1 cup canned pumpkin = 7 grams of fiber
1 cup cooked spinach = 7 grams of fiber
1/2 cup whole wheat flour = 7 grams of fiber
1/2 cup soy tempeh = 7 grams of fiber
1/2 cup soy flour = 6 grams of fiber
1/2 cup edamame (whole green soybeans) = 5 grams of fiber
1 cup cooked broccoli = 5 grams of fiber
6 Brussels sprouts = 5 grams of fiber
1 baked sweet potato = 5 grams of fiber
1 cup cooked brown rice = 4 grams of fiber
1 cup cooked old fashioned rolled oats = 4 grams of fiber
1 medium apple = 4 grams of fiber
1 medium orange = 4 grams of fiber
1 cup carrot strips = 4 grams of fiber
1/2 cup raspberries or blackberries = 4 grams of fiber
1 medium banana = 3 grams of fiber
5 dried plums (prunes) = 3 grams of fiber
1 ounce of nuts (almonds, peanuts, pistachios) = 3 grams of fiber
1 baked potato (russet) = 3 grams of fiber
1/4 cup dry roasted sunflower seeds = 3 grams of fiber
1 medium mango = 3 grams of fiber
1 medium tomato = 2 grams of fiber
1 cup pineapple juice = 2 grams of fiber
1/2 cup blueberries = 2 grams of fiber
1 cup romaine lettuce = 1.5 grams of fiber
1/2 cup tofu = 1 gram of fiber

Monique N. Gilbert, B.Sc. is a Personal Health, Nutrition & Lifestyle Coach; Certified Personal Trainer/Fitness Counselor; Recipe Developer, Freelance Writer and Author. Go to http://www.MoniqueNGilbert.com to learn more about Monique's coaching.

Copyright © Monique N. Gilbert - All Rights Reserved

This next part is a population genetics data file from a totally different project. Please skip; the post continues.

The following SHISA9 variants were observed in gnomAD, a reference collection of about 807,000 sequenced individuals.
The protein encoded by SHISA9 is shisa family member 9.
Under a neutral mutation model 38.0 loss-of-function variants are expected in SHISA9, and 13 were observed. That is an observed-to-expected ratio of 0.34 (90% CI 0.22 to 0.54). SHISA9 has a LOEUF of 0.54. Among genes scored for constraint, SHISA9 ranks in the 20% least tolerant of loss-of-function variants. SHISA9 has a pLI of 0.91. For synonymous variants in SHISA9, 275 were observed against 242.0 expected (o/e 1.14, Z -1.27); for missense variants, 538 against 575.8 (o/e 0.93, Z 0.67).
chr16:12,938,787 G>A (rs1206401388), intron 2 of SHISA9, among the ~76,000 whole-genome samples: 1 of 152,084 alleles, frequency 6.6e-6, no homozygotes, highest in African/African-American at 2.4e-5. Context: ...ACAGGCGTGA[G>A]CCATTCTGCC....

References:

** "Legume consumption and risk of coronary heart disease in US men and women: NHANES I Epidemiologic Follow-up Study." Bazzano, L. A., He, J., Ogden, L. G., Loria, C., Vupputuri, S., Myers, L., Whelton, P. K., Archives of Internal Medicine 2001 Nov 26;161(21):2573-2578.

** "A prospective study of dietary fiber intake and risk of cardiovascular disease among women." Liu, S., Buring, J. E., Sesso, H. D., Rimm, E. B., Willett, W. C., Manson, J. E., Journal of the American College of Cardiology 2002 Jan 2;39(1):49-56.

** "Virtues of Soy: A Practical Health Guide and Cookbook" by Monique N. Gilbert, Universal Publishers, 2001, pp. 11, 18, 24.

Author Bio
Monique N. Gilbert, B.Sc. has offered guidance in natural health, nutrition, fitness, weight and stress management since 1989. She has received international recognition for helping people improve their well-being, vitality and longevity. Her personal coaching provides the motivation, guidance and support you need to naturally get healthy and fit, lose weight and keep it off, reduce stress and anxiety, strengthen your immune system, increase your energy levels, lower your cholesterol, improve your sleep, and achieve your goals. For more information about Monique's coaching, visit http://www.MoniqueNGilbert.com


MORE RESOURCES:

Rochester Democrat and Chronicle (blog)

Recipe and photo challenge for National Nutrition Month
Rochester Democrat and Chronicle (blog)
March is National Nutrition Month®. Developed by the Academy of Nutrition and Dietetics, the month is dedicated to promoting healthy eating habits and improving food choices. Foodlink is once again taking part with a photo challenge and 31 days of recipes.
March is nutrition month, and start of annual challengeThe News Journal
National Nutrition Month: Raising a Healthier Generation through Diet, EducationUSDA.gov (press release) (blog)